Towards the end of the first “Zoolander” movie, Will Ferrell’s Mugatu character becomes overwhelmed by the madness around him. “Doesn’t anybody notice this?” the exasperated character says. “I feel like I’m taking crazy pills!”
I had a similar reaction reading this Axios report on Republican advertising in the debt-ceiling fight.
House Republicans are putting their money where their mouths are with a new ad attacking Democrats for voting against Speaker Kevin McCarthy’s (R-Calif.) debt ceiling bill, Axios has learned. ... The American Action Network, an issue advocacy nonprofit closely aligned with House Republicans, is launching a six-figure ad buy hitting House Democrats for voting against the bill.
The 30-second commercial, which has racked up quite a few views since being uploaded to YouTube four days ago, features a narrator telling viewers that Democrats “refused” to go along with the House Republicans’ plan to “responsibly raise the debt ceiling.” The ad concludes that Democrats are “putting the economy in crisis.”
Despite the chasm between the message and reality, the Axios report added that this spot “will run in the districts of 11 vulnerable House Democrats, including the five whose voters backed former President Trump in 2020.”
At this point, it’s worth pausing to acknowledge the two parallel flaws with the GOP’s co-called Limit, Save, Grow Act. The first is the tactical problem.
Even if McCarthy’s bill were a legislative triumph for the ages, the way in which Republicans are trying to pursue their goals would still be indefensible. The House speaker and his GOP team could’ve put together a responsible piece of legislation, in pursuit of serious objectives, with sound arithmetic and noble priorities, and it’d still be outrageous that he and his party are threatening to impose a deliberate economic catastrophe on Americans unless their demands are met.
But as it turns out, the radically dangerous tactics aren’t the only problem — because the bill itself is a mess.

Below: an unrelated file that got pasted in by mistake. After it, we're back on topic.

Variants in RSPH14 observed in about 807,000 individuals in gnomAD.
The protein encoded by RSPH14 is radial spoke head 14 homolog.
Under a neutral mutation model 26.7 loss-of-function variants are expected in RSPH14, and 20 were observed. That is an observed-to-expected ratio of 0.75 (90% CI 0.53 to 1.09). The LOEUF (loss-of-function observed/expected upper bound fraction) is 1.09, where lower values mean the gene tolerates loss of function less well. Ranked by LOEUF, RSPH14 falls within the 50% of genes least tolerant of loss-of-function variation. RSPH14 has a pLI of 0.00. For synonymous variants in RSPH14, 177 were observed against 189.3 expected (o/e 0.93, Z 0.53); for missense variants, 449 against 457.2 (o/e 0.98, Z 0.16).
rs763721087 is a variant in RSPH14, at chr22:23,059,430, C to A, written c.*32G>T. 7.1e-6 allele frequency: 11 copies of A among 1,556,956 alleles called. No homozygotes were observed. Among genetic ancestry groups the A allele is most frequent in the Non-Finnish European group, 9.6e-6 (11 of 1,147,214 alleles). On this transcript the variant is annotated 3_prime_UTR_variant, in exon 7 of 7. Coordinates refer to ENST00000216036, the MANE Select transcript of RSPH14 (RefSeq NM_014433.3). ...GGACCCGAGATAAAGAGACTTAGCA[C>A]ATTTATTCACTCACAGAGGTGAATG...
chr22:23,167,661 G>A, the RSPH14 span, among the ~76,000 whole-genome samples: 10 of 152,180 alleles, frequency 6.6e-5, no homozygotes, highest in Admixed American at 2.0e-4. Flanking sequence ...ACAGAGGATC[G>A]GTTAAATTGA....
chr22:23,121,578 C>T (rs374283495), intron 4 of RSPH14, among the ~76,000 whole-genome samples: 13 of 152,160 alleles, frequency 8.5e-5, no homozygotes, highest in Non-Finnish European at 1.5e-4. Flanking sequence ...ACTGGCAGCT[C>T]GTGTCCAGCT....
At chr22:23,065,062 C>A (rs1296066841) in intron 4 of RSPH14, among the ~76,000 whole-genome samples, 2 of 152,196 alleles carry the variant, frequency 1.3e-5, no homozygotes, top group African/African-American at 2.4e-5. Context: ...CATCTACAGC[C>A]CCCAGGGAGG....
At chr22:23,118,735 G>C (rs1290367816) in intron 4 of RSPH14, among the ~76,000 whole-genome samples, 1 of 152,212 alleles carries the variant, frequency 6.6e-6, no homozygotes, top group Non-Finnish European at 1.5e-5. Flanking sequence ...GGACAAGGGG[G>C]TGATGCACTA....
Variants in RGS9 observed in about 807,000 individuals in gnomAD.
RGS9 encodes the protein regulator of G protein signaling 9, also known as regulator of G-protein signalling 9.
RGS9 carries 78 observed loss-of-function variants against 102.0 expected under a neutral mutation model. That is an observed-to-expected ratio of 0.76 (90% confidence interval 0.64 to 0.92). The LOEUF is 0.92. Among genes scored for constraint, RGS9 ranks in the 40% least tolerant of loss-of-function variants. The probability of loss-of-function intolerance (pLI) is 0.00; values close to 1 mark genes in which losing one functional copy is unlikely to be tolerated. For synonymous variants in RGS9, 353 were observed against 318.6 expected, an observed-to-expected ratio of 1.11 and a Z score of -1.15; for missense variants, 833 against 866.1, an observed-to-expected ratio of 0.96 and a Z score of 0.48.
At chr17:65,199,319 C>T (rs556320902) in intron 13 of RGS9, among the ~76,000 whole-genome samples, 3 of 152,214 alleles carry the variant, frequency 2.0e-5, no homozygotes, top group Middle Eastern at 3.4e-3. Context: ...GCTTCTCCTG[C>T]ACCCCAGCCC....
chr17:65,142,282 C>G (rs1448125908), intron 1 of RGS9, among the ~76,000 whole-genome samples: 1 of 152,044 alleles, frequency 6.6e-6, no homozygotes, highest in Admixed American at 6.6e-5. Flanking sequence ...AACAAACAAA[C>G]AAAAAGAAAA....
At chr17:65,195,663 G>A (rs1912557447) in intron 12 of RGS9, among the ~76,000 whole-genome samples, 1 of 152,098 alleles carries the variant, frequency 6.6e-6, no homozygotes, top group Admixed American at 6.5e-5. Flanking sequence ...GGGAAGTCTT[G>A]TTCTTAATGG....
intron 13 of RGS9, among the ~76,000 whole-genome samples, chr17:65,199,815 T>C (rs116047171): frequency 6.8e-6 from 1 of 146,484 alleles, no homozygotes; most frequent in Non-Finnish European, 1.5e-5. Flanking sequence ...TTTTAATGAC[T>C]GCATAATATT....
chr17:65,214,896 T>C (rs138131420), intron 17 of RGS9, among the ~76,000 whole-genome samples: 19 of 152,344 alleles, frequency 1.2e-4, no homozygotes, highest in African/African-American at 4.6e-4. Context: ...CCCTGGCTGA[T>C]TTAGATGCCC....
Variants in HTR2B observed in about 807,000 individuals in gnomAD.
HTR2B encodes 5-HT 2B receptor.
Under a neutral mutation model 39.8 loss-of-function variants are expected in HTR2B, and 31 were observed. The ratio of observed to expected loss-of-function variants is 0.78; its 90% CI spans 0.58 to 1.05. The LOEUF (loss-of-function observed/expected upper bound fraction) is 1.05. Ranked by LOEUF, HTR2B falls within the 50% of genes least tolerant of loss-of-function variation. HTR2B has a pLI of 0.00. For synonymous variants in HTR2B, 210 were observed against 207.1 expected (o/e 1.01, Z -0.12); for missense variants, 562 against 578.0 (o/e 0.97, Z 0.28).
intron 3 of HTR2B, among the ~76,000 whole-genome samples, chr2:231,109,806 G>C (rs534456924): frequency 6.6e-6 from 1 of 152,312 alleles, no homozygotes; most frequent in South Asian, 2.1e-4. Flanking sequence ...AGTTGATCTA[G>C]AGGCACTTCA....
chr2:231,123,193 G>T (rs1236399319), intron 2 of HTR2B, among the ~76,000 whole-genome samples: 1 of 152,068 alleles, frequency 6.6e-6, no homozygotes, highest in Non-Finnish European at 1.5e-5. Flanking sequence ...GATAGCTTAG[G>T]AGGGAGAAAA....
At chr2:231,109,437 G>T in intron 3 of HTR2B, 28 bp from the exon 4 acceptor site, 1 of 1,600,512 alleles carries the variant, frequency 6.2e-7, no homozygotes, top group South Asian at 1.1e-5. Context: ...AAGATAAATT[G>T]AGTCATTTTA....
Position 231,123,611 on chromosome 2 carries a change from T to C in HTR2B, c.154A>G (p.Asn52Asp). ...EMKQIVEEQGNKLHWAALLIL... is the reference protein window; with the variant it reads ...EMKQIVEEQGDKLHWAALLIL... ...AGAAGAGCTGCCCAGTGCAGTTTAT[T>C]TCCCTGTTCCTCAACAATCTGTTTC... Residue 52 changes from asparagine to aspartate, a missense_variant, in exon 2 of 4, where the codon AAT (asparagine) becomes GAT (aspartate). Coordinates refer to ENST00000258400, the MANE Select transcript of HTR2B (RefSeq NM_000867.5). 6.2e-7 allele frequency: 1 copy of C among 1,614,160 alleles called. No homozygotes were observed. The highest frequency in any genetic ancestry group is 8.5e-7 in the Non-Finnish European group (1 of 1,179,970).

Following up on our earlier coverage, the GOP’s hostage note is better described as a right-wing fantasy than a serious piece of federal policymaking. In order to prevent Republicans from deliberately crashing the economy, Democrats are apparently supposed to accept a plan that would push hundreds of thousands of American out of work, take health care coverage from hundreds of thousands of Americans, derail the U.S. manufacturing boom, and gut all kinds of critically necessary public investments on everything from veterans care to education, border security to food security, law enforcement to medical research, Head Start to rail inspections, agriculture to air traffic control, infrastructure to national parks.
It also takes a crowbar to efforts to combat climate change for reasons that have nothing to do with deficit reduction.
Republican Rep. Matt Gaetz told Politico, “The leadership just picked up the House Freedom Caucus plan and helped us convert it into the legislative text.” (The far-right Floridian apparently meant that as a compliment.)
Even some of the House GOP members who voted for it were reluctant to defend the bill on the merits, saying that they voted for it simply to advance the process, not because they saw it as a great piece of legislation. At least one House Republican suggested he would've opposed the measure if he thought it stood a chance of actually becoming law.
It’s against this backdrop that the latest Republican ad effectively asks the public, “Can you believe Democrats rejected this radically regressive and overtly partisan bill filled with unpopular ideas?” To which the obvious answer, “Yes, of course they rejected it.”
Common sense suggests the 217 GOP members who voted for this monstrosity would be worried about the kind of attack ads they’re likely to see in next year’s elections. But the American Action Network apparently wants to turn the tables, insisting that voting against the bill is a bigger political liability that voting for it.
Why? Because they say so.
It’s an extension of a line of thought that says going on offense always works, even if it means abandoning reality, propriety, and anything resembling common sense. As the Democrats’ House Majority PAC runs debt ceiling ads of its own, we’ll soon see whether the truth prevails.